• Ah, this is a good time for my semi-annual lecture on how to retrieve PI results without being a subscriber. Go to the Player Batting Season Finder, click on Single Season Totals,set the years from 1901 to 2013, click on qualified for batting title, sort by BA, set BA equal to or greater than .277, set SO equal to or greater than 0.25 times PA. Click on Get Report and up comes a results spreadsheet with 18 rows. The lower 9 rows have complete data and the upper 9 rows are (almost) blank. Go back to the search page and click on ascending order and click Get Report. The results spreadsheet shows the top 9 BA in reverse order and includes the three guys with the .300 BA.
          The .277 cutoff BA is arrived at by a trial and error process. Adjust the BA until you get a results spreadsheet with 18, 19 or 20 rows. If you can’t then this method does not work but there are ways to work around that but it’s complicated to explain.

          • I should thank you for these Richard. It was one (or perhaps two or three) of these lectures that taught me how to retrieve info from the P-I.

            As you say, the trick is to aim for 20 results, then sort by ascending.

          • Thanks Richard! So what Trout is doing so far is historic. Of the others who did it over a full season, Upton was technically below .300 (his batting average rounds up to .300). And both Howard and Bonds had BAs and strikeout rates lower than Trout. And of the others who are doing it so far this year, only Kubel has ever hit .300 (though like Upton it’s a “rounded up” .300).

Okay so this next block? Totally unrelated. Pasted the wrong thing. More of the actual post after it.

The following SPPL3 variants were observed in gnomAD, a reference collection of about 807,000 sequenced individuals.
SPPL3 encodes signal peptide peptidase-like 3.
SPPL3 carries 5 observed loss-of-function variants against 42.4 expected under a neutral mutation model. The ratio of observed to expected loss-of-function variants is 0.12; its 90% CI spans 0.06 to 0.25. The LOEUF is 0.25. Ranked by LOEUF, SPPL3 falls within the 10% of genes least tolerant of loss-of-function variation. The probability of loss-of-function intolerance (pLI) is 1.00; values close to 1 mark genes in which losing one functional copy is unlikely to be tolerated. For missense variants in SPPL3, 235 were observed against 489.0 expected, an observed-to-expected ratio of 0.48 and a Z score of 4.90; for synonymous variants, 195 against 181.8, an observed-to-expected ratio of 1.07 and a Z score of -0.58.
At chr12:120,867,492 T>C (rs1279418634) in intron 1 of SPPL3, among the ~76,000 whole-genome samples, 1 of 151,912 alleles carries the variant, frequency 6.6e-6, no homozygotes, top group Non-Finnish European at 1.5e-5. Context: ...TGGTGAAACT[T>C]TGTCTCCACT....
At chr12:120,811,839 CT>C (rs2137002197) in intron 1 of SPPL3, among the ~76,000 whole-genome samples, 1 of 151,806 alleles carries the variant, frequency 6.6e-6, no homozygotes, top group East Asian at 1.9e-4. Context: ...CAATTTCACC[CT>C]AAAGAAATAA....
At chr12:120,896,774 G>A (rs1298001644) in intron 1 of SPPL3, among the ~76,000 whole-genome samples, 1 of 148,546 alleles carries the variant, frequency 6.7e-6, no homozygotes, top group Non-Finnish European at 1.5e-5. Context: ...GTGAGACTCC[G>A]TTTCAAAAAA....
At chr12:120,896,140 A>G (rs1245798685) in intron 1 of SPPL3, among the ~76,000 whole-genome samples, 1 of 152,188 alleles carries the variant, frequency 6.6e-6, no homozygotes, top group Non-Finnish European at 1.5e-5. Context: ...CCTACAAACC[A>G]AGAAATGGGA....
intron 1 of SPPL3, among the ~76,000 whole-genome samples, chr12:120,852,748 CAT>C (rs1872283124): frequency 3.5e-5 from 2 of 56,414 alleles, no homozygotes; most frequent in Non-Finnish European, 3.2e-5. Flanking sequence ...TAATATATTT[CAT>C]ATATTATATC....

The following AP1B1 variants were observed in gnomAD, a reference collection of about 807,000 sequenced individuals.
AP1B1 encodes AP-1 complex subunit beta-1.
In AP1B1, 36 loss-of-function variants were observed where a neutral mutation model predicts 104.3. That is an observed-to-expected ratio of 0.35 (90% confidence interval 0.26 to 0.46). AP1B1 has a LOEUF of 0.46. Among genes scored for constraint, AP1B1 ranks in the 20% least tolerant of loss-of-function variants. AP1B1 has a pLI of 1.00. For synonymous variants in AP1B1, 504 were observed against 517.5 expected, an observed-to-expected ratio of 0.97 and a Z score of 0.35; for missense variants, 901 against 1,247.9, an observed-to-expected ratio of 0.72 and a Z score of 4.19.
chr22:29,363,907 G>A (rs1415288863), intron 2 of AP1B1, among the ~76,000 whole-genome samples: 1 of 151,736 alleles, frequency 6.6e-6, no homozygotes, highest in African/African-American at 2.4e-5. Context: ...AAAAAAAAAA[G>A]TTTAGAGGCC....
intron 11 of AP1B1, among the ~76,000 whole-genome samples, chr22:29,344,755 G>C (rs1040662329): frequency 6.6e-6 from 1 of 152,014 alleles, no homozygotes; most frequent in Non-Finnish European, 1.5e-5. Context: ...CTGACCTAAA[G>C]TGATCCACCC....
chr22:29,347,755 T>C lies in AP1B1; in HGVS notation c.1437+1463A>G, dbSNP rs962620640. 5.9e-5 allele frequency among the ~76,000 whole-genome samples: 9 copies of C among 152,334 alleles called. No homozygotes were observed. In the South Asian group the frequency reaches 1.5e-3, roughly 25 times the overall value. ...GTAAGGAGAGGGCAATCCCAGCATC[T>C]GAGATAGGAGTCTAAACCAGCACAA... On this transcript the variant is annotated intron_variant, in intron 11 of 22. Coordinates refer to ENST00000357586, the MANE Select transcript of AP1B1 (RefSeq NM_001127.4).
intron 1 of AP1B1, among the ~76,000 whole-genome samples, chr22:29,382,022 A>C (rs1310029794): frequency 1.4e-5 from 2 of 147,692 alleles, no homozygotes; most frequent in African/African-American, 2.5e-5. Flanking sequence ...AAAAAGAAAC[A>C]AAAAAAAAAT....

Seems unlikely that Trout can maintain a high BA and a high K rate but if anyone can pull off the impossible, it’s him.

          • This is a you’re welcome to RJ and David P. Actually it pays to become a PI subscriber, you can do so much more.

  6. I like the Rockies. Tulowitzki is a special player. Justin Morneau is showing he has a lot left in the tank. Blackmon might be the real deal. Cuddyer is still hitting and he’s Irish. The great LaTroy Hawkins has 8 saves already. I like this team.

  7. Speaking of LaTroy Hawkins, you might wonder how a guy with a 4.36 ERA has lasted so long in baseball. Since becoming a reliever he 2000 he has a very respectable 3.26 ERA over 862 innings. His last 3 or 4 years may have been his best. He was very good for the Mets last year as well.